LG dryer not heating. LG dryers vary from gas and electric to large-capacity models. Some are equipped with an energy-saving design, where the owner can choose from multiple heat settings.
That doesn’t mean that all LG dryers can be repaired with a DIY fix in the event of an issue but some can. A few quick fixes for issues that lead to a not heating up dryer include cleaning the vent, checking mechanical parts, and replacing power cords and thermal fuses.
When combined, these fixes cover the most common issues in LG dryers. LG offers part replacements to repair other faults such as broken drum rollers or problems with the door switch mechanism but they should still be considered a last resort because they may not resolve your particular problem.
LG dryer not heating
Why my LG Dryer is not heating up. If the heating element in an electric LG dryer is functioning correctly, it should light up and create heat in the drum. If you notice your LG dryer will not heat up, chances are good that this important component has stopped producing a current and must be replaced. Multimeter testing can confirm whether or not the heating element is broken.
Thermal Fuse Fault
The thermal fuse protects your air dryer from overheating. On electric dryers, the fuse is located where the heating element meets the outside world; on gas-powered dryers, it is located where the burner.
A blown thermal fuse is usually an indication of a restricted exhaust vent from the dryer to the outside. Be sure to check your exhaust after you replace the thermal fuse.
If the igniter is damaged, then the gas will never be able to ignite. This will prevent the dryer from heating up and drying your clothes.
To replace a damaged igniter, which looks like a small coil on the gas burner assembly, use a screwdriver to remove the screws that hold it in place.
Once these are removed, remove the defective igniter and replace it with a new one by simply sliding it into place over the screws securing it in place.
Gas valve solenoid problem
Typically, gas dryers have two or more gas valve solenoid coils. In order to allow gas to flow into the burner assembly, the gas valve solenoids open the gas valves.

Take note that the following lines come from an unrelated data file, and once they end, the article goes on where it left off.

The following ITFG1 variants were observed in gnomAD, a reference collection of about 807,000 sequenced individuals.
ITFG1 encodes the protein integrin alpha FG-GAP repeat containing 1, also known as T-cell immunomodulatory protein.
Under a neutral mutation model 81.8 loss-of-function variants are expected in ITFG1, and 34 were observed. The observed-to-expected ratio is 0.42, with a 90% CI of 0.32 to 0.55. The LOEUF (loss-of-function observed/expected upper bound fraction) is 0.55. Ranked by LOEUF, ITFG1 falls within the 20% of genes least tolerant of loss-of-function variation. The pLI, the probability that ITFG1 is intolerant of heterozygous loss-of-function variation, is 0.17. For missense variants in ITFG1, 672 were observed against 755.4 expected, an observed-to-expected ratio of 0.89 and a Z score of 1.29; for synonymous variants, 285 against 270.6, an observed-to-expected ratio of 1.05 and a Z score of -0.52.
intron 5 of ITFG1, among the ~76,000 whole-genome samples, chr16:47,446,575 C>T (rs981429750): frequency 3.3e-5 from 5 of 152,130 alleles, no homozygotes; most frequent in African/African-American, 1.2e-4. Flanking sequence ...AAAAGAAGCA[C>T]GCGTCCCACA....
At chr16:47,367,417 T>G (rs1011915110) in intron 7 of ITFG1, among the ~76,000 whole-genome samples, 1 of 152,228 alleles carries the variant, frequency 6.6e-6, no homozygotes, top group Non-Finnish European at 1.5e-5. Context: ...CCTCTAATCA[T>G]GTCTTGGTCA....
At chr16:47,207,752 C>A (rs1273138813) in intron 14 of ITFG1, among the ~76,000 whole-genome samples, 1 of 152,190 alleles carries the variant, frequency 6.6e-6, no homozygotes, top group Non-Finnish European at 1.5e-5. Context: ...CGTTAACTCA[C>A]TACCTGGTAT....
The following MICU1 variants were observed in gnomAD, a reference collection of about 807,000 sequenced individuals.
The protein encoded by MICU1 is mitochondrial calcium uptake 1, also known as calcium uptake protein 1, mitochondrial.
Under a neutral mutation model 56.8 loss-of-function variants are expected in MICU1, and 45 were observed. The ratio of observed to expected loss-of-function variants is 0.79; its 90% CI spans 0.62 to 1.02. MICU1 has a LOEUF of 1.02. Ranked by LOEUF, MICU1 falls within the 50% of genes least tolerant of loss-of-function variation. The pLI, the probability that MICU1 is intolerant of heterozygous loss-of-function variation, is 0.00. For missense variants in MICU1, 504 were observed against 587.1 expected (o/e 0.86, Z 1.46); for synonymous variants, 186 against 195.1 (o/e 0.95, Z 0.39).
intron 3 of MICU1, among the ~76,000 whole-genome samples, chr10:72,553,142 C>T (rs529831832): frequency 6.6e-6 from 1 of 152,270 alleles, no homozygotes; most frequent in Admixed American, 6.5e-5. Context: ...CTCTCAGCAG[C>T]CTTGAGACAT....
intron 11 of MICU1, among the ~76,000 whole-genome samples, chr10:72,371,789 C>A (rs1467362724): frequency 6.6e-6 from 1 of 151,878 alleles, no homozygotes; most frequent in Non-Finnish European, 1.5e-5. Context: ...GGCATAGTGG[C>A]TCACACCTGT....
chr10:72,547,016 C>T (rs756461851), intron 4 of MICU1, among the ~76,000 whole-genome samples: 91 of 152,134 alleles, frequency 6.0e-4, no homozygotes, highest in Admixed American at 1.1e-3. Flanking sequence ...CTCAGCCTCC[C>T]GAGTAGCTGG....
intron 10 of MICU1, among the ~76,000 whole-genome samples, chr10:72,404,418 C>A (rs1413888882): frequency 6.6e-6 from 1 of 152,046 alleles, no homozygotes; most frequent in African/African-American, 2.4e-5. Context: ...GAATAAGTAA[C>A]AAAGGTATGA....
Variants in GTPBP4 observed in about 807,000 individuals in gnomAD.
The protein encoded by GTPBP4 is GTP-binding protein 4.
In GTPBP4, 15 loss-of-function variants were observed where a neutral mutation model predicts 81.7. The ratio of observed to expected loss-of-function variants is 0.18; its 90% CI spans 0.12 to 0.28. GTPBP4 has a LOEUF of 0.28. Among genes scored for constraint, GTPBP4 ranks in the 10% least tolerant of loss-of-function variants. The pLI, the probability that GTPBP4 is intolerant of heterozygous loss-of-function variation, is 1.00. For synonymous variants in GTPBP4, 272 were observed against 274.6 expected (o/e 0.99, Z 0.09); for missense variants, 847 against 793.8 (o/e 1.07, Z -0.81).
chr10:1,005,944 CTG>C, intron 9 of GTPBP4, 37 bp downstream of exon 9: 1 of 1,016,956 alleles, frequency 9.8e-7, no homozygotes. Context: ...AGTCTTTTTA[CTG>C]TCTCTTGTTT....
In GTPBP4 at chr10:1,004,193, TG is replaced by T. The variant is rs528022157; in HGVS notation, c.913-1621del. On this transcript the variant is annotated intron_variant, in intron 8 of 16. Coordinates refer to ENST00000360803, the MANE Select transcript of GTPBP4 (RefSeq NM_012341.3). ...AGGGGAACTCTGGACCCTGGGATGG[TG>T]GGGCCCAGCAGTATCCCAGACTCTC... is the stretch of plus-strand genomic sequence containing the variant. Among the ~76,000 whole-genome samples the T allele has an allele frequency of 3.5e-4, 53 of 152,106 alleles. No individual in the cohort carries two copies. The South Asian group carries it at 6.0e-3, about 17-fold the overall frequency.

In the event of a gas valve solenoid failure, your clothes will not dry. In order to find out if the solenoids for the gas valves have failed, check the igniter. You need to replace the gas valve coil if it glows and then goes out without lighting your burner.
Defective Heating Element
The heating element inside a dryer is responsible for warming the air before it enters the drum so that it can dry clothes.
When this heating element wears out, it may stop working properly, leaving you with a dryer that can no longer heat your clothes.
Checking if the heating element has malfunctioned is very simple to do at home all you need access to is a multimeter, which measures the flow of electricity in an appliance or device and tells you whether or not there’s a short or open circuit somewhere within its components.
If your heating element checks out okay after being checked with a multimeter, then replace it immediately because its worn parts will just end up arcing over time.
The Flame Sensor is not working
On a gas dryer, if the flame sensor isn’t working, the dryer won’t heat. Before checking the flame sensor, first, make sure that the igniter and thermal fuse are not at fault.
To determine if the flame sensor is defective, use a multimeter to test for continuity at room temperature. If there is no continuity at room temperature then it’s probably time to replace the flame sensor.
Timer is defective
If your dryer isn’t properly heating the clothes, you should check to see if the burner is defective. This is usually the problem, but it is not always so.
If all of the other components appear to work properly and you determine there is no problem with them, use a multimeter to test whether or not there are any problems with your burner. In some cases, replacing a new part may solve this issue.
An irregular main control board
It is possible that the main control board is defective. That rarely happens. Check all of the more commonly defective components prior to replacing the main control board.
Replace the main control board if you have determined that all other components are functioning properly.
Thermostat cycling issue
A thermostat that cycles heat on and off is called a cycling thermostat. A dryer will not properly heat if its cycling thermostat is defective.
However, this is rarely the case because other interior components are more commonly faulty than the cycling thermostat. Check for problems with these parts before replacing a cycling thermostat.
If you have found and corrected all of the other faults but still have a no-heat problem in your dryer, test your cycling thermostat by using a multimeter to see if it shows continuity. If the cycling thermostat does not show continuity, replace it.
Problems with high-limit thermostats
The high limit thermostat (HLT) monitors the dryer temperature and shuts it down if it overheats; however, this is rarely a cause for concern.
HLTs with malfunctioning major throttles shut off the dryer as a result of not being able to detect a temperature rise from the programmed temperature, possibly before it reaches that temperature.
If an HLT needs to be replaced, check all other components first. After you have determined that all of these components are functioning normally, you can test the HLT for continuity with a multimeter.
Replace it with one that matches your current specifications or needs if there is none (it should be closed).
LG dryer not heating